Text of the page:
In 2017, Donald De La Haye was handed an ultimatum: Give up his profitable YouTube channel or forfeit his UCF athletic scholarship. He ultimately chose the latter.
The former UCF kicker had garnered a large online following with his sports-themed YouTube channel, Deestroying. As his content became more frequent, De La Haye's subscriber count and views began to surge... and so did the YouTube paychecks. The athlete claims that while at UCF, he was making thousands of dollars a month with his monetized videos, which, unbeknownst to him, was a violation of the NCAA bylaw 12.4.4.
The rule states:
[...] a student-athlete may establish his or her own business, provided the student-athlete's name, photograph, appearance or athletics reputation are not used to promote the business.
For the latest installment of Complex News Presents, we spoke to De La Haye about his controversial case and how it fueled the ongoing debate about student-athlete compensation and the restrictive NCAA guidelines.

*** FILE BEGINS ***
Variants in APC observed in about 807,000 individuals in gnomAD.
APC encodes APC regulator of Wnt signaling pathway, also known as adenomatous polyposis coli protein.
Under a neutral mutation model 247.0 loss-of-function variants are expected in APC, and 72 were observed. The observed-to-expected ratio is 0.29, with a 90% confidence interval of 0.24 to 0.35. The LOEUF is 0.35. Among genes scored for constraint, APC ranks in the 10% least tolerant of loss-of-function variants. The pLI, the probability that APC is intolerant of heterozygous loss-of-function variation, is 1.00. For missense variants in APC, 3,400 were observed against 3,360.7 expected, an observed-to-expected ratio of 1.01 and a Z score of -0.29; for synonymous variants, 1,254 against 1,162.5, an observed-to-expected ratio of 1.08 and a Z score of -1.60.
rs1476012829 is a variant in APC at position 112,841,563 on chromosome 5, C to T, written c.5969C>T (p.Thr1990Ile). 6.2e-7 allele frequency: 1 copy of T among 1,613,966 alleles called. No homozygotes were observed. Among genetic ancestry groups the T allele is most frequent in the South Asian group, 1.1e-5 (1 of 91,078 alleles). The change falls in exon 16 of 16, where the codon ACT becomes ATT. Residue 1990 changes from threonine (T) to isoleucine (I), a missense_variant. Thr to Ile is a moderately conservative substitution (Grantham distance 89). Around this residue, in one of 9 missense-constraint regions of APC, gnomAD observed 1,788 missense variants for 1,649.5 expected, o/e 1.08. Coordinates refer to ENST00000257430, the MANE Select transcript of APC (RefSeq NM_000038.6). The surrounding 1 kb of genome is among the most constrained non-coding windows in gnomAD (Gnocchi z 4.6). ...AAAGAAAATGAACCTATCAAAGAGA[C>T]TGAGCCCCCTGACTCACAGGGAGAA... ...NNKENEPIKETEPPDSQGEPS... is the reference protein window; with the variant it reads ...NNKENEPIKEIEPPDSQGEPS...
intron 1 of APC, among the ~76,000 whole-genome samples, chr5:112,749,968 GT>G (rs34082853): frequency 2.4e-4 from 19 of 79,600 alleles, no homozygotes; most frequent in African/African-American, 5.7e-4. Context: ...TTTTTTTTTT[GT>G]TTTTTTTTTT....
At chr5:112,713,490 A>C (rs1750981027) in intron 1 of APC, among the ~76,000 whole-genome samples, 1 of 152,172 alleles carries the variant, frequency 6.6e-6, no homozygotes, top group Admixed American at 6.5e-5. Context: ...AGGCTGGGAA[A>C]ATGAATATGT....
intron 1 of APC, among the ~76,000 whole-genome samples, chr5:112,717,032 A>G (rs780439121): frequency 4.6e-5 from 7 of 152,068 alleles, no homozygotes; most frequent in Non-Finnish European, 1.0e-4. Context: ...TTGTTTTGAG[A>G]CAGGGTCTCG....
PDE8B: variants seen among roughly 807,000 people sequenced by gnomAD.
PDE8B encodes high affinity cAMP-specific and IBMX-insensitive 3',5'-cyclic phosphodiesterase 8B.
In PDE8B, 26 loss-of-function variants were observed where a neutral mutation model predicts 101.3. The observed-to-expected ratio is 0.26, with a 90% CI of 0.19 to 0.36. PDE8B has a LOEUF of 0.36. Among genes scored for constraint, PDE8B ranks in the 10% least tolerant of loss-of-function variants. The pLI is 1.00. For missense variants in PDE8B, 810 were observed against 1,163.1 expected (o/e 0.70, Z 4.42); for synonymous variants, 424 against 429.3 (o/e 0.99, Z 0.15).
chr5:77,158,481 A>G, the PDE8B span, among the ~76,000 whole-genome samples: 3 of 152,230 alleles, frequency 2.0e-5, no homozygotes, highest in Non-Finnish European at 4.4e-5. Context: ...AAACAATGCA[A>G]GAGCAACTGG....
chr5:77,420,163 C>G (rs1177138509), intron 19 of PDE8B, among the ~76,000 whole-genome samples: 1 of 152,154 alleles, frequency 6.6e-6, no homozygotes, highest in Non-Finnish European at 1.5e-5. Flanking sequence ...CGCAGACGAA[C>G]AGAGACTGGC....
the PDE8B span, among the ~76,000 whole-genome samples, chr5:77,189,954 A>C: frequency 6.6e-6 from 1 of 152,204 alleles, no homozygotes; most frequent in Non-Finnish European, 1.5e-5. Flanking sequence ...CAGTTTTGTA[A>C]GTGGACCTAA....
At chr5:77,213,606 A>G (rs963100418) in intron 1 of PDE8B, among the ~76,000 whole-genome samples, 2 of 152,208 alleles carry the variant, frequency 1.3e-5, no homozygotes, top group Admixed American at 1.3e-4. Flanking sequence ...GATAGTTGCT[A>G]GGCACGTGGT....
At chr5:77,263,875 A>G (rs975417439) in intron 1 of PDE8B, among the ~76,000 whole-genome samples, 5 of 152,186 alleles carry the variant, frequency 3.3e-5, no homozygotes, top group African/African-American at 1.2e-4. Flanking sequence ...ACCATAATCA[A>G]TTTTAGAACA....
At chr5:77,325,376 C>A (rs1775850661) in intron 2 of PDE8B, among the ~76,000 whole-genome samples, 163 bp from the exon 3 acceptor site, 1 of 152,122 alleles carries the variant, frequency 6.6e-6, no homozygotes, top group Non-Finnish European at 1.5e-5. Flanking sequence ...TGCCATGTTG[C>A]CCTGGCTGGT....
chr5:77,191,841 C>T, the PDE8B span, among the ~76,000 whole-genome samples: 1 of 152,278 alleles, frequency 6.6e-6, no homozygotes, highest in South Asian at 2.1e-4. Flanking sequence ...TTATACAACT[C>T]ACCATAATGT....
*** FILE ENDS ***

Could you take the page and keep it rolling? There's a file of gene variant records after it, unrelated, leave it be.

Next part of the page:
"So we say 'student-athlete,' and then the question is, 'Well, should be they allowed pay?' We don't ask that with anybody else," said Jay Bilas, an ESPN analyst and Duke University alum. "The student-musician is allowed whatever they can earn. They can accept anything they want. [...] The question I would ask is not, 'Should athletes be let out of the pen?' It's, 'Why are they treated differently than everybody else? Why is everyone else allowed whatever they want, but the athletes are allowed only what we say, when we say, and how we say?'"
Watch the full episode up top.